Forget hovering over your children. Experts now believe we should let them take risks – for their own sakes.

The moment Cath Prisk realised something was badly wrong with modern parenting was during a visit to her local shoe shop. Prisk, the director of the charity Play England, which campaigns for children to have access to play space, looked up from trying on a pair of flats to see a woman opposite carrying her baby in a sling. The baby was wearing a safety helmet. “I’d read about those helmets and seen them in the shops,” says Prisk, still gobsmacked. “But I never thought I’d see someone using one in real life.

A caring mother with the best of intentions? Of course. But doing the best for her child? Not if she takes the same attitude to risk throughout her offspring’s childhood, apparently.

While child-centred parenting has been the norm for the past couple of decades, new research suggests that if we want to raise confident, well-adjusted, healthy children our style of parenting has to change. Forget the “helicopter parent” (who hovers continually over their offspring), the “lawnmower parent” (who tries to mow down all obstacles in their children’s path) or the “tiger mother” (a parent who hothouses her children to succeed academically, named after the bestselling memoir by Amy Chua). We should now be learning how to be “underparents” .

At the heart of underparenting is an ethos that encourages children to do chores, learn to cook, get muddy – and fall off the climbing frame from time to time.

The woman leading the charge for change is Dr Madeline Levine, an American psychologist, who examines the benefits of healthy neglect in her new book, Teach Your Children Well.

Levine identified unexpectedly high rates of emotional problems among the teenagers she treated who came from well-off, well-educated families. The reason, she found, was that children felt under increasing pressure to do well academically, while also being chivvied into numerous extracurricular activities that would look good on school and university applications. The chance of time off to play, learn to make friends or simply be bored just didn’t figure in their hectic schedules.

“I’m not saying that doing well academically isn’t important,” says Dr Levine. “But when I talk to the CEOs of tech companies here in California, they all say that there are other skills they are looking for in their employees – creativity, flexibility, resilience, communication skills and the ability to collaborate and motivate. You don’t get those by concentrating solely on an academic measure of success.”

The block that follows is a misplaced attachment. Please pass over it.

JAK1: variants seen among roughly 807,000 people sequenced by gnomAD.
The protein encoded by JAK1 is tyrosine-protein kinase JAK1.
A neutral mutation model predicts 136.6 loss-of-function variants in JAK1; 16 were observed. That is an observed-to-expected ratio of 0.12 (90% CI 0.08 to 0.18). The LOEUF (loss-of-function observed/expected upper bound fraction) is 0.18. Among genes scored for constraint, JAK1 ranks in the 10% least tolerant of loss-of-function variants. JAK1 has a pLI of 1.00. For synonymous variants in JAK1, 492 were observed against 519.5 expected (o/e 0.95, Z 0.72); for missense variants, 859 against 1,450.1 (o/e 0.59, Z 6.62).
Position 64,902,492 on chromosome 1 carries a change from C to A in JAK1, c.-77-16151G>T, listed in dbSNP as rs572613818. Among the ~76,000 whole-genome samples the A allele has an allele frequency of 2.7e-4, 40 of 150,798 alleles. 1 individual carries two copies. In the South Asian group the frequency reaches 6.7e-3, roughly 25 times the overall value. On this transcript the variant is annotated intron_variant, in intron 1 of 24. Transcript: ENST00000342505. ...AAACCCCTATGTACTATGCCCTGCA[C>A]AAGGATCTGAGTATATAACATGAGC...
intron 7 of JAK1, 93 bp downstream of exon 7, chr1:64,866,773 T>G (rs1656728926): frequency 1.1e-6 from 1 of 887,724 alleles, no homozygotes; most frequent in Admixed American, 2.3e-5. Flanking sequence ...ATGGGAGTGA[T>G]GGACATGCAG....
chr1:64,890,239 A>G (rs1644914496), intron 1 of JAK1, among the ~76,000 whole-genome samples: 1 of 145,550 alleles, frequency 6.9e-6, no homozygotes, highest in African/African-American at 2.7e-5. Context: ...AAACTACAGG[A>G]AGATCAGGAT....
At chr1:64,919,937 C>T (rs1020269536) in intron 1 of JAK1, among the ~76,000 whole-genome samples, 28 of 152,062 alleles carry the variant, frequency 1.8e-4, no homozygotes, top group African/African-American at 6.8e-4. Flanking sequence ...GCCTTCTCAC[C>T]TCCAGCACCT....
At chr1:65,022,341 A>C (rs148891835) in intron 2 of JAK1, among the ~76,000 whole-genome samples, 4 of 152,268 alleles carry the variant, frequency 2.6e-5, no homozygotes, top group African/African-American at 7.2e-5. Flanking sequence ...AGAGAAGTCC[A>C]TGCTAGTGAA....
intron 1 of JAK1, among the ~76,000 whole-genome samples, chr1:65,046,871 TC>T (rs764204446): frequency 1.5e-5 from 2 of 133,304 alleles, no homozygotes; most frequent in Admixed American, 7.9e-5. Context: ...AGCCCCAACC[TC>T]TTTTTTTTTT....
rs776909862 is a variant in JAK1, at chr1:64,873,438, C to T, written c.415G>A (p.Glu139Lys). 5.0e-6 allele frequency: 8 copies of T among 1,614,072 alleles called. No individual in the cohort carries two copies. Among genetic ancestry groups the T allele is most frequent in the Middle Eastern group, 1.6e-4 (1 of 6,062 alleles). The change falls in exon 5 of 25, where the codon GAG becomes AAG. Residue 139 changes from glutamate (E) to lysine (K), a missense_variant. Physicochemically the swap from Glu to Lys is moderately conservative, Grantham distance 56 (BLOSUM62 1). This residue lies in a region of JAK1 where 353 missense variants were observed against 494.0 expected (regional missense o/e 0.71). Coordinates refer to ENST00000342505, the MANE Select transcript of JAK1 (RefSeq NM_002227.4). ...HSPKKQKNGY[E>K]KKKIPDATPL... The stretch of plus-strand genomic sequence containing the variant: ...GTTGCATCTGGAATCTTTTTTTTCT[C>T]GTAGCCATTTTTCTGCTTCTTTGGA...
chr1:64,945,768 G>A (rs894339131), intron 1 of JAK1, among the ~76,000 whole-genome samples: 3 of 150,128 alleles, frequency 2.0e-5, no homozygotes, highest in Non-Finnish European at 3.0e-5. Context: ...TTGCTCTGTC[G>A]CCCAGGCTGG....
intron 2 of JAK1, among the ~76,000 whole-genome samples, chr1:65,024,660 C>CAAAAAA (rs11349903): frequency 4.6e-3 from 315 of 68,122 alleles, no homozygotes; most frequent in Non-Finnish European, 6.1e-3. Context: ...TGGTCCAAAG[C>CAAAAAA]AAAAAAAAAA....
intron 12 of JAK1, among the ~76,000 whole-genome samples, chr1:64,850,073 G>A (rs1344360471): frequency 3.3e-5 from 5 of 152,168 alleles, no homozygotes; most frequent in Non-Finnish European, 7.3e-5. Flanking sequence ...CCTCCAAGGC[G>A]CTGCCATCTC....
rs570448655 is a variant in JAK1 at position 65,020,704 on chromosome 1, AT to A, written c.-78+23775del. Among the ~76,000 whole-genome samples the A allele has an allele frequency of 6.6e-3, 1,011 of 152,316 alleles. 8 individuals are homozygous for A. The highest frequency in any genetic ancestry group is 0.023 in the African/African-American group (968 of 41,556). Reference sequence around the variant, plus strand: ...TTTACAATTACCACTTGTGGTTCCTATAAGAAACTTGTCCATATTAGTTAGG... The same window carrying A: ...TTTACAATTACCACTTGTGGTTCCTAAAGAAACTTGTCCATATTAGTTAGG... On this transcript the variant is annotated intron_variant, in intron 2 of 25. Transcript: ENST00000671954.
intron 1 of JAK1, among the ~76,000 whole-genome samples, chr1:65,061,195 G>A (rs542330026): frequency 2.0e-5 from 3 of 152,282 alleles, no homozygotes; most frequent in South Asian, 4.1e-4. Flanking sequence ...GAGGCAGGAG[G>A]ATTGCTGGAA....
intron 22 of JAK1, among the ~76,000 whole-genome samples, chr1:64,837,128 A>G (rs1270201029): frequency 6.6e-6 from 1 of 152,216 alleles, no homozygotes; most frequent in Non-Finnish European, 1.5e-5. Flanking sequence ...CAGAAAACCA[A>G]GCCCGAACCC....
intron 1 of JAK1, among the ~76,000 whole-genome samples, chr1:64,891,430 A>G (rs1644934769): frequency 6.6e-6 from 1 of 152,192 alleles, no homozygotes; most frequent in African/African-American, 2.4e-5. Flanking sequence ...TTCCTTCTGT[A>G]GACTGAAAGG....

Levine is not alone in her concerns. Dr Amanda Gummer, a psychologist specialising in play and development, warns that if we continue continually to hover over our children, they are likely to miss out on vital “life lessons” in how to assess risks. If your child has never had to take a decision about how to spend an afternoon or been left to figure out the best way to climb a tree, he or she will fail to develop cognitive ability.

We are seeing the first generation of ‘cotton-wool kids’ growing up and they have little concept of risk,” Dr Gummer says. “They are trying drugs, drinking and driving, and doing so because they have never had to face the consequences of their actions. What would you rather – that they fell down a few stairs or off a climbing frame now, or had no concept of risk when they are older?”

What’s more, by giving up your own life to devote it exclusively to your children, Dr Levine thinks that you are sending them a dangerous message.

“Yes, by all means go and watch some of the football games your child plays. But if you give up your interests and profession to watch all of them – or spend every evening double-checking their homework rather than going out with a friend or your spouse, what are you teaching your children? You’re saying that the moon and stars revolve around them, and that you have no life as an adult.”